Is faulty: oh, what shall I say, how is the truth to be said?
You were born, you had body, you died.
It is just that you never giggled or planned or cried.
Believe me, I loved you all.
Believe me, I knew you, though faintly, and I loved, I loved you
In Brooks' poem, " The Mother," the very title delivers a whopping irony—because the poem is not about a mother at all, but is spoken by a woman who has undergone many abortions, thus never becoming a mother.
The first line, "Abortions will not let you forget." The rest of the first stanza lists the things that the aborter will remember: "You remember the children you got that you did not get, / The damp small pulps with a little or with no hair, / The singers and workers that never handled the air."
The second stanza continues to dramatize the loss: "I have heard in the voices of the wind the voices of my dim killed / children. / I have contracted. I have eased / My dim dears at the breasts they could never suck."
The speaker does not euphemize the act; she called them "my dim killed children." The rest of the second stanza portrays the speaker's utter remorse as she mourns the fact that her lost children were murdered. She even rejects the often-heard claim that the thing that was aborted was not really a child.
She does not "Believe that even in my deliberateness I was not deliberate." And she reasons: "Though why should I whine, / Whine that the crime was other than mine? -- / Since anyhow you are dead." The final stanza is heartbreaking, but offers the important final word on the issue: "Believe me, I loved you all. / Believe me, I knew you, though faintly, and I loved, I loved you / All."
Life Sketch of Gwendolyn Brooks
Gwendolyn Brooks was born June 7, 1917, in Topeka, Kansas, to David and Keziah Brooks. Her family relocated to Chicago shortly after her birth. She attended three different high schools: Hyde Park, Wendell Phillips, and Englewood.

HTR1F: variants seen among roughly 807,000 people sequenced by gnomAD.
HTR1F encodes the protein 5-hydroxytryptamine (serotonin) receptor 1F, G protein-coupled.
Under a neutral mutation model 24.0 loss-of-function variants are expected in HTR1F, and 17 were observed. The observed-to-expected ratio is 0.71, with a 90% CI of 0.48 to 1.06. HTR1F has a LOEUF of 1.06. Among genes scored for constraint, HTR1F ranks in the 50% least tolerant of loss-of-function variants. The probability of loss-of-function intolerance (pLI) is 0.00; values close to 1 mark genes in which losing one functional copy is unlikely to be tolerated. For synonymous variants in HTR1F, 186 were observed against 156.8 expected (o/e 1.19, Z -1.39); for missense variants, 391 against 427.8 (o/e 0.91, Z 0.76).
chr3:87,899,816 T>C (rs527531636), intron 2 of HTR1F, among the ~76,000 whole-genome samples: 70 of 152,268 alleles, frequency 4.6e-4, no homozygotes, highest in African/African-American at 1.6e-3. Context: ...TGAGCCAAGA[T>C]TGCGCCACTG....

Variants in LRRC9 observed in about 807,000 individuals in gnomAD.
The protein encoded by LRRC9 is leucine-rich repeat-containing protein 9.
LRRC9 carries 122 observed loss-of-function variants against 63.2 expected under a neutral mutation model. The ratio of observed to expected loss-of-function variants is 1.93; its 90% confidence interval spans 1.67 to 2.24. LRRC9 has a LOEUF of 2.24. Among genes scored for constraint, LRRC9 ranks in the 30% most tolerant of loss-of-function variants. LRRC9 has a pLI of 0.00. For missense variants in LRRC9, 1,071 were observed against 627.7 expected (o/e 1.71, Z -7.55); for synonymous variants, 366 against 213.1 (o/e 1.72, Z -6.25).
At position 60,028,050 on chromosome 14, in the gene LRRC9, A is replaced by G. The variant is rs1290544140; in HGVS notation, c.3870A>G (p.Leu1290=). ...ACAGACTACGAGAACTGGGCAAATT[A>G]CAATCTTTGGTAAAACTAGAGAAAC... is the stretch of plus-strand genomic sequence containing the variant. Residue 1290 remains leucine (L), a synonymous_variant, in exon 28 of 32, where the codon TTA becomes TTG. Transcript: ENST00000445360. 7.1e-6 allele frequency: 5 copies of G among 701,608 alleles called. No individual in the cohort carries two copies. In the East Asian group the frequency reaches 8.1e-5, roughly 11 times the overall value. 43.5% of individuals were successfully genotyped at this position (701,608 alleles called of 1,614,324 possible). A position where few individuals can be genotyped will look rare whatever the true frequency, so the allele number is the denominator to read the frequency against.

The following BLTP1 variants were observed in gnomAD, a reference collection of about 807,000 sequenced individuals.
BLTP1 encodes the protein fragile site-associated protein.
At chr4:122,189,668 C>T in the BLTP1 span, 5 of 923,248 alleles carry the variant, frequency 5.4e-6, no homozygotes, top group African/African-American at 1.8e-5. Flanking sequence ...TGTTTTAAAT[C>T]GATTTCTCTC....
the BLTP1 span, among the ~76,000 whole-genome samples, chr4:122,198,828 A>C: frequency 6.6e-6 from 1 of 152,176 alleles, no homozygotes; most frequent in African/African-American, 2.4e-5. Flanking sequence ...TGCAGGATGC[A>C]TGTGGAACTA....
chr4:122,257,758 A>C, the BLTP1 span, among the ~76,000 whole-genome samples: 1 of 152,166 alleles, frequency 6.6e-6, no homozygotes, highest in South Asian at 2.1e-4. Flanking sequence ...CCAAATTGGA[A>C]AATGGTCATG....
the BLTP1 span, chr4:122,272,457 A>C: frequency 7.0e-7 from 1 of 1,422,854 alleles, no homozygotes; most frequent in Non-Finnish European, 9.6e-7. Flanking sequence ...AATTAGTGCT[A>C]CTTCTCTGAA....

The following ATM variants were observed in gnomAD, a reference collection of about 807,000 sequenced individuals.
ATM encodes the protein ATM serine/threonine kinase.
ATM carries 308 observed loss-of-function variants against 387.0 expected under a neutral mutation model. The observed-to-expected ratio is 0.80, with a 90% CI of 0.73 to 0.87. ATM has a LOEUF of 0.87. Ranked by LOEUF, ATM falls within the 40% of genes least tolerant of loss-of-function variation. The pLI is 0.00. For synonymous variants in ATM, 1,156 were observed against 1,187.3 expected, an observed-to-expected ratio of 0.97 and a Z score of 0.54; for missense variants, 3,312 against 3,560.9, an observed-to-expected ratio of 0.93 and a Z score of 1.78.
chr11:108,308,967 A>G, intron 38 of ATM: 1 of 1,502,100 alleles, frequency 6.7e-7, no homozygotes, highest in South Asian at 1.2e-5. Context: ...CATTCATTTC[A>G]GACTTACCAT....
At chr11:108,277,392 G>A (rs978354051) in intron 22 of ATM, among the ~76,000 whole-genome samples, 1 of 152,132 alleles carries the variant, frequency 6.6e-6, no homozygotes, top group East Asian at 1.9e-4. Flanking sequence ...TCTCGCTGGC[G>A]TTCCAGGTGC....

Brooks graduated from Wilson Junior College in 1936. In 1930, her first published poem, "Eventide," appeared in American Childhood Magazine, when she was only thirteen years old. She had the good fortune to meet James Weldon Johnson and Langston Hughes, both of whom encouraged her writing.
Brooks continued to study poetry and write. She married Henry Blakely in 1938 and gave birth to two children, Henry, Jr, in 1940 and Nora in 1951. Living on the Southside of Chicago, she engaged with the group of writers associated with Harriet Monroe's Poetry, the most prestigious magazine in American poetry.
Brooks' first volume of poems, A Street in Bronzeville, appeared in 1945, published by Harper and Row. Her second book, Annie Allen was awarded the Eunice Tiejens Prize, offered by the Poetry Foundation, publisher of Poetry. In addition to poetry, Brooks wrote a novel titled Maud Martha in the early '50s, as well as her autobiography Report from Part One (1972) and Report from Part Two (1995).
Brooks has won numerous awards and fellowships including the Guggenheim and the Academy of American Poets. She won the Pulitzer Prize in 1950, becoming the first African American woman to win that prize.
Brooks began a teaching career in 1963, conducting poetry workshops at Chicago's Columbia College. She has also taught poetry writing at Northeastern Illinois University, Elmhurst College, Columbia University, and the University of Wisconsin.
At the age of 83, Gwendolyn Brooks succumbed to cancer on December 3, 2000. She died quietly at her home in Chicago, where she had resided on the Southside for most of her life. She is interred in Blue Island, Illinois, at Lincoln Cemetery.
An Interview with Gwendolyn Brooks
© 2016 Linda Sue Grimes